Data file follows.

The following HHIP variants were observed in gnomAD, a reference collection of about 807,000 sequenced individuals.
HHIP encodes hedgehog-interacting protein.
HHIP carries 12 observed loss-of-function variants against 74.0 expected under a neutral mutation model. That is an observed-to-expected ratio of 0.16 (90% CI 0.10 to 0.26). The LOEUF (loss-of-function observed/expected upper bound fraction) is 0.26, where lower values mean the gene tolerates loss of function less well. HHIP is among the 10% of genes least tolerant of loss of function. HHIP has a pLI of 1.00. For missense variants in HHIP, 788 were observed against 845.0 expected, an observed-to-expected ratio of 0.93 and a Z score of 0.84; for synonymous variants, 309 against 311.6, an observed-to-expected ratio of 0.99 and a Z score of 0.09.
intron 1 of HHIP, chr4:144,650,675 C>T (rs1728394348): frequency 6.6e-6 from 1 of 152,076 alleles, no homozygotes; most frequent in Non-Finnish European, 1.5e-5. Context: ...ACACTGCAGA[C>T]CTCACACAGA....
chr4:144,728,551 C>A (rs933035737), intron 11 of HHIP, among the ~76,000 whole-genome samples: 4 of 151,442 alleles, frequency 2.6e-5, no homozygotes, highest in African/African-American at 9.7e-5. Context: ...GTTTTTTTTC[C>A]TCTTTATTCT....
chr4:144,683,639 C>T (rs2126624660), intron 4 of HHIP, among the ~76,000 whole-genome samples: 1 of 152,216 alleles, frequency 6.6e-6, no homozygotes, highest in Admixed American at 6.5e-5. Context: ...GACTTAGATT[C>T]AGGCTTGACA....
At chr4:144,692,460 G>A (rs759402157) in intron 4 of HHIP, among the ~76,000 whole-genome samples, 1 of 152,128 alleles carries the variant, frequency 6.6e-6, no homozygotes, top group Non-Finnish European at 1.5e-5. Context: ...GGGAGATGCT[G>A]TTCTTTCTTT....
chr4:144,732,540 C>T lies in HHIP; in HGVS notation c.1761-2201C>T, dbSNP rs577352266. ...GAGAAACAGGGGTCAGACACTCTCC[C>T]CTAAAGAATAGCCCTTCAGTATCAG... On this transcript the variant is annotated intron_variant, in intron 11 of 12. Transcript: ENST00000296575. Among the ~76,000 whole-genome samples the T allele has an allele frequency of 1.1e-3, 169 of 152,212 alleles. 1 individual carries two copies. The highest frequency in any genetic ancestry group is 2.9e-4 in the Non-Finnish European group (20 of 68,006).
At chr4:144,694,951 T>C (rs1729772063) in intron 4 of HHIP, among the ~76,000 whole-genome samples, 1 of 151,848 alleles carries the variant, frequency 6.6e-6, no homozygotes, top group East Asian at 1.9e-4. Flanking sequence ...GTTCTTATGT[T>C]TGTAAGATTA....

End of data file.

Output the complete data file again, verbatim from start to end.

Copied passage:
The following HHIP variants were observed in gnomAD, a reference collection of about 807,000 sequenced individuals.
HHIP encodes hedgehog-interacting protein.
HHIP carries 12 observed loss-of-function variants against 74.0 expected under a neutral mutation model. That is an observed-to-expected ratio of 0.16 (90% CI 0.10 to 0.26). The LOEUF (loss-of-function observed/expected upper bound fraction) is 0.26, where lower values mean the gene tolerates loss of function less well. HHIP is among the 10% of genes least tolerant of loss of function. HHIP has a pLI of 1.00. For missense variants in HHIP, 788 were observed against 845.0 expected, an observed-to-expected ratio of 0.93 and a Z score of 0.84; for synonymous variants, 309 against 311.6, an observed-to-expected ratio of 0.99 and a Z score of 0.09.
intron 1 of HHIP, chr4:144,650,675 C>T (rs1728394348): frequency 6.6e-6 from 1 of 152,076 alleles, no homozygotes; most frequent in Non-Finnish European, 1.5e-5. Context: ...ACACTGCAGA[C>T]CTCACACAGA....
chr4:144,728,551 C>A (rs933035737), intron 11 of HHIP, among the ~76,000 whole-genome samples: 4 of 151,442 alleles, frequency 2.6e-5, no homozygotes, highest in African/African-American at 9.7e-5. Context: ...GTTTTTTTTC[C>A]TCTTTATTCT....
chr4:144,683,639 C>T (rs2126624660), intron 4 of HHIP, among the ~76,000 whole-genome samples: 1 of 152,216 alleles, frequency 6.6e-6, no homozygotes, highest in Admixed American at 6.5e-5. Context: ...GACTTAGATT[C>T]AGGCTTGACA....
At chr4:144,692,460 G>A (rs759402157) in intron 4 of HHIP, among the ~76,000 whole-genome samples, 1 of 152,128 alleles carries the variant, frequency 6.6e-6, no homozygotes, top group Non-Finnish European at 1.5e-5. Context: ...GGGAGATGCT[G>A]TTCTTTCTTT....
chr4:144,732,540 C>T lies in HHIP; in HGVS notation c.1761-2201C>T, dbSNP rs577352266. ...GAGAAACAGGGGTCAGACACTCTCC[C>T]CTAAAGAATAGCCCTTCAGTATCAG... On this transcript the variant is annotated intron_variant, in intron 11 of 12. Transcript: ENST00000296575. Among the ~76,000 whole-genome samples the T allele has an allele frequency of 1.1e-3, 169 of 152,212 alleles. 1 individual carries two copies. The highest frequency in any genetic ancestry group is 2.9e-4 in the Non-Finnish European group (20 of 68,006).
At chr4:144,694,951 T>C (rs1729772063) in intron 4 of HHIP, among the ~76,000 whole-genome samples, 1 of 151,848 alleles carries the variant, frequency 6.6e-6, no homozygotes, top group East Asian at 1.9e-4. Flanking sequence ...GTTCTTATGT[T>C]TGTAAGATTA....